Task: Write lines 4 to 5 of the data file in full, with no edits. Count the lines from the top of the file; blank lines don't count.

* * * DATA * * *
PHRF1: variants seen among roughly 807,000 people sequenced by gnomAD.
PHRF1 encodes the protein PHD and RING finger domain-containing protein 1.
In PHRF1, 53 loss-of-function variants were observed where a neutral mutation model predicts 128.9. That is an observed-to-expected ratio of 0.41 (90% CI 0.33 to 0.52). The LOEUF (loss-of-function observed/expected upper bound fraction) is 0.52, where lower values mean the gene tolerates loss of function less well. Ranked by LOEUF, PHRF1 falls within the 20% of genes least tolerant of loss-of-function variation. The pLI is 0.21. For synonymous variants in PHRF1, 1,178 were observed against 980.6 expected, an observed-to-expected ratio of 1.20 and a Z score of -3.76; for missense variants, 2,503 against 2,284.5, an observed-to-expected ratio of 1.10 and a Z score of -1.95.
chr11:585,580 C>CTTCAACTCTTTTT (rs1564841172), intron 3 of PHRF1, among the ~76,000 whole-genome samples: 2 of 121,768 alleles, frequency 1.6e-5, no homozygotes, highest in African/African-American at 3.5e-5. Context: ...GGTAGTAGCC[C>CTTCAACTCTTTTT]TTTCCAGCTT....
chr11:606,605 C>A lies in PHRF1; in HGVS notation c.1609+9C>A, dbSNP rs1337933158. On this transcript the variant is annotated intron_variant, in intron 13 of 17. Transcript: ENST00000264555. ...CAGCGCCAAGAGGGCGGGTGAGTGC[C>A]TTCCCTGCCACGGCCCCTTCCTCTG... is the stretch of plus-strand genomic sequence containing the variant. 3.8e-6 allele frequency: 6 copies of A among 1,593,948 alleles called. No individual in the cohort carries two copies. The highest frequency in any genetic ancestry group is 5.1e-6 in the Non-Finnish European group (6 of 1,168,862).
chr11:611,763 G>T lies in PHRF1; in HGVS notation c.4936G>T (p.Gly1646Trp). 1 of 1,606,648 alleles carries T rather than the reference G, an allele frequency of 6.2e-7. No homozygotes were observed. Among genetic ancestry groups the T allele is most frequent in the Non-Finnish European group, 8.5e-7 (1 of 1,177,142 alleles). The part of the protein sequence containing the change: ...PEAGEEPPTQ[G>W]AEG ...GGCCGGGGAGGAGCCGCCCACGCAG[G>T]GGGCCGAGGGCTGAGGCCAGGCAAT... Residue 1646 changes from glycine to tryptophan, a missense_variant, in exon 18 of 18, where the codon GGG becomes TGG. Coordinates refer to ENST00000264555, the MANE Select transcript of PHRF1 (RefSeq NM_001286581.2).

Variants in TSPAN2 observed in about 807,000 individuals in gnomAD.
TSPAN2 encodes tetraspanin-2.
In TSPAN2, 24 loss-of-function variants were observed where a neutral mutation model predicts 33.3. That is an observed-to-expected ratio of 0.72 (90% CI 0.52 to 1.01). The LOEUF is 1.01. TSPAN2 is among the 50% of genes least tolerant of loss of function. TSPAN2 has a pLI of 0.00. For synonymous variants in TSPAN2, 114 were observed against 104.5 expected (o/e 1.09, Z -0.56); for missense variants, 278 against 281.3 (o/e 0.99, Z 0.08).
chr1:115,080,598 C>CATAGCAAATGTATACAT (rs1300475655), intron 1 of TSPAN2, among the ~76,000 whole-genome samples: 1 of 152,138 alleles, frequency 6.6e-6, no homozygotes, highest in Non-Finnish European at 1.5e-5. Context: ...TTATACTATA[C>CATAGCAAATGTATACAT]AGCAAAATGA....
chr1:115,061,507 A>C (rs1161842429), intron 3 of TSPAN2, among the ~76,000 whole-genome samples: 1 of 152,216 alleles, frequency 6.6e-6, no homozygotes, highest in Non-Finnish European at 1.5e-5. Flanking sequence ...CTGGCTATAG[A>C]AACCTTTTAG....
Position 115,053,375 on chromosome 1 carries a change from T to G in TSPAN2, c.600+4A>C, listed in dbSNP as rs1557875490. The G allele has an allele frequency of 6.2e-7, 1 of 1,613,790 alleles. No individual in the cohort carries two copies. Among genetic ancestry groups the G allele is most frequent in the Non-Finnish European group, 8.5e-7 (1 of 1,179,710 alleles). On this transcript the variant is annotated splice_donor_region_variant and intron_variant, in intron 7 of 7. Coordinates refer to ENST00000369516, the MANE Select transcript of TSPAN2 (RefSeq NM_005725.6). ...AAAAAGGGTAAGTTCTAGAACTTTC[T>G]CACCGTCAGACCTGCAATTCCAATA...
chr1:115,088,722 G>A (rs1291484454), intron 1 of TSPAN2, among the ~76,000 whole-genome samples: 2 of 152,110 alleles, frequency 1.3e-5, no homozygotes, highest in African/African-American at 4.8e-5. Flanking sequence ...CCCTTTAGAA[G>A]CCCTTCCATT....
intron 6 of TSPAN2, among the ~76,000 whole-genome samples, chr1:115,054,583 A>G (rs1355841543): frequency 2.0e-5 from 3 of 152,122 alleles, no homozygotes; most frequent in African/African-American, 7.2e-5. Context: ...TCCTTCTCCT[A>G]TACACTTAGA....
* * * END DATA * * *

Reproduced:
chr11:585,580 C>CTTCAACTCTTTTT (rs1564841172), intron 3 of PHRF1, among the ~76,000 whole-genome samples: 2 of 121,768 alleles, frequency 1.6e-5, no homozygotes, highest in African/African-American at 3.5e-5. Context: ...GGTAGTAGCC[C>CTTCAACTCTTTTT]TTTCCAGCTT....
chr11:606,605 C>A lies in PHRF1; in HGVS notation c.1609+9C>A, dbSNP rs1337933158. On this transcript the variant is annotated intron_variant, in intron 13 of 17. Transcript: ENST00000264555. ...CAGCGCCAAGAGGGCGGGTGAGTGC[C>A]TTCCCTGCCACGGCCCCTTCCTCTG... is the stretch of plus-strand genomic sequence containing the variant. 3.8e-6 allele frequency: 6 copies of A among 1,593,948 alleles called. No individual in the cohort carries two copies. The highest frequency in any genetic ancestry group is 5.1e-6 in the Non-Finnish European group (6 of 1,168,862).